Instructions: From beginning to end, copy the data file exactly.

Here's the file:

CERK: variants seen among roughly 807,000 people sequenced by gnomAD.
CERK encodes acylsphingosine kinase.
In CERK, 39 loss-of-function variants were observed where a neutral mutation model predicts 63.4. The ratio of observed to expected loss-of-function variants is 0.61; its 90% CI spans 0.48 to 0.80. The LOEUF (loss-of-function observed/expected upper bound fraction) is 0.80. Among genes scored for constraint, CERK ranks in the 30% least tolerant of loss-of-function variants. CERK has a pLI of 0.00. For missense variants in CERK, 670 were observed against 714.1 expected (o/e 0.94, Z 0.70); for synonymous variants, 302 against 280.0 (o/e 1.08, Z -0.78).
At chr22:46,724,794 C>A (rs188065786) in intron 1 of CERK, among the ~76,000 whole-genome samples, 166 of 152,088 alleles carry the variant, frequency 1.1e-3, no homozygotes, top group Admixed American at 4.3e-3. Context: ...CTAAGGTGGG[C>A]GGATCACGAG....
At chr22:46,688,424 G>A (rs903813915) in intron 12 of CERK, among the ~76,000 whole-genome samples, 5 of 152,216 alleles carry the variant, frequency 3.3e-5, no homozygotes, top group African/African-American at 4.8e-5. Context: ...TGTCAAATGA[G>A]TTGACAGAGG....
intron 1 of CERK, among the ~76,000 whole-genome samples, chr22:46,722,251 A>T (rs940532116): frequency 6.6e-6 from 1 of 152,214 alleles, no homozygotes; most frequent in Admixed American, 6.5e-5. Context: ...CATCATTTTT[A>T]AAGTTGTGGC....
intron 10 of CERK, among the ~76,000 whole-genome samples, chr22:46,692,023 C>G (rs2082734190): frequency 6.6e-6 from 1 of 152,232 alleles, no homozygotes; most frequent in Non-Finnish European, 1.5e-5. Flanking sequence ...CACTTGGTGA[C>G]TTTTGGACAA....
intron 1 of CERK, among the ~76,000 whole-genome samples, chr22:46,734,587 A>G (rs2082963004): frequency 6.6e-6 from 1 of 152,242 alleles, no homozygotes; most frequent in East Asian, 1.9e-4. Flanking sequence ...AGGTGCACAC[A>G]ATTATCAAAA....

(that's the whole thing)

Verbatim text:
CERK: variants seen among roughly 807,000 people sequenced by gnomAD.
CERK encodes acylsphingosine kinase.
In CERK, 39 loss-of-function variants were observed where a neutral mutation model predicts 63.4. The ratio of observed to expected loss-of-function variants is 0.61; its 90% CI spans 0.48 to 0.80. The LOEUF (loss-of-function observed/expected upper bound fraction) is 0.80. Among genes scored for constraint, CERK ranks in the 30% least tolerant of loss-of-function variants. CERK has a pLI of 0.00. For missense variants in CERK, 670 were observed against 714.1 expected (o/e 0.94, Z 0.70); for synonymous variants, 302 against 280.0 (o/e 1.08, Z -0.78).
At chr22:46,724,794 C>A (rs188065786) in intron 1 of CERK, among the ~76,000 whole-genome samples, 166 of 152,088 alleles carry the variant, frequency 1.1e-3, no homozygotes, top group Admixed American at 4.3e-3. Context: ...CTAAGGTGGG[C>A]GGATCACGAG....
At chr22:46,688,424 G>A (rs903813915) in intron 12 of CERK, among the ~76,000 whole-genome samples, 5 of 152,216 alleles carry the variant, frequency 3.3e-5, no homozygotes, top group African/African-American at 4.8e-5. Context: ...TGTCAAATGA[G>A]TTGACAGAGG....
intron 1 of CERK, among the ~76,000 whole-genome samples, chr22:46,722,251 A>T (rs940532116): frequency 6.6e-6 from 1 of 152,214 alleles, no homozygotes; most frequent in Admixed American, 6.5e-5. Context: ...CATCATTTTT[A>T]AAGTTGTGGC....
intron 10 of CERK, among the ~76,000 whole-genome samples, chr22:46,692,023 C>G (rs2082734190): frequency 6.6e-6 from 1 of 152,232 alleles, no homozygotes; most frequent in Non-Finnish European, 1.5e-5. Flanking sequence ...CACTTGGTGA[C>G]TTTTGGACAA....
intron 1 of CERK, among the ~76,000 whole-genome samples, chr22:46,734,587 A>G (rs2082963004): frequency 6.6e-6 from 1 of 152,242 alleles, no homozygotes; most frequent in East Asian, 1.9e-4. Flanking sequence ...AGGTGCACAC[A>G]ATTATCAAAA....